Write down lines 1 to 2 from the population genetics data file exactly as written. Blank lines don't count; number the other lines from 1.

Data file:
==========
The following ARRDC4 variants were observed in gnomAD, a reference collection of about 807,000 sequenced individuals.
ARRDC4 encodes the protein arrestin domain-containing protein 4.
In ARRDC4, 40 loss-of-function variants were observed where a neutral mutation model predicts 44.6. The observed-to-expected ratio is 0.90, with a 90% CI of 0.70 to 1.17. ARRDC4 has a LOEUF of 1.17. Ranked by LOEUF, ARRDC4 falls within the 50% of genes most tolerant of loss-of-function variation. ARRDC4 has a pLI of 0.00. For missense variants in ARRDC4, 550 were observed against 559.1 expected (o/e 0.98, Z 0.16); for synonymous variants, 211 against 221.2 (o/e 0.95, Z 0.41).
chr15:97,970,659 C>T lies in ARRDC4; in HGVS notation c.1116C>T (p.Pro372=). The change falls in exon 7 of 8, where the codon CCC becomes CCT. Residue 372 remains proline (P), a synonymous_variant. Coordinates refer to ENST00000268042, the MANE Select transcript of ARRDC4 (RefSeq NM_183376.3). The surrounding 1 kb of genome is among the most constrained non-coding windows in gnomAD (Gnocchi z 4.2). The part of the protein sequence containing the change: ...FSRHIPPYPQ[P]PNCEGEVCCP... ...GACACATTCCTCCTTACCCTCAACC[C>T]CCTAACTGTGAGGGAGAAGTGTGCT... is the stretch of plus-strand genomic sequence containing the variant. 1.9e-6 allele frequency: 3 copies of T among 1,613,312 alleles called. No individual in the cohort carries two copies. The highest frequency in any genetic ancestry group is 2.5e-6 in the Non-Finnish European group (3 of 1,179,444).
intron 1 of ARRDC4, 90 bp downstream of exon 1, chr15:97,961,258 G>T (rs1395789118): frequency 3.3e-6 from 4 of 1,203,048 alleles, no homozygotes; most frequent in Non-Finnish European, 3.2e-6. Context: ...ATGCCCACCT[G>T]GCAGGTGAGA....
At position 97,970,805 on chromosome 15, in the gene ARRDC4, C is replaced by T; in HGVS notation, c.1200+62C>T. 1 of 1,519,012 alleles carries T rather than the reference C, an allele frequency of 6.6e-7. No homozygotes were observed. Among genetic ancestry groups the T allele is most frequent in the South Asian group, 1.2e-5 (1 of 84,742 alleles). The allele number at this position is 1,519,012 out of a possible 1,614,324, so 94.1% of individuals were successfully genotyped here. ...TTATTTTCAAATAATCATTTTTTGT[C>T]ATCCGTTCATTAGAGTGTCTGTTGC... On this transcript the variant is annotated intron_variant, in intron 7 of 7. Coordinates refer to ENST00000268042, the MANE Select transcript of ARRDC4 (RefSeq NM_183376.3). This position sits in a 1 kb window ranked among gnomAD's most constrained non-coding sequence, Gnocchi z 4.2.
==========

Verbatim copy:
The following ARRDC4 variants were observed in gnomAD, a reference collection of about 807,000 sequenced individuals.
ARRDC4 encodes the protein arrestin domain-containing protein 4.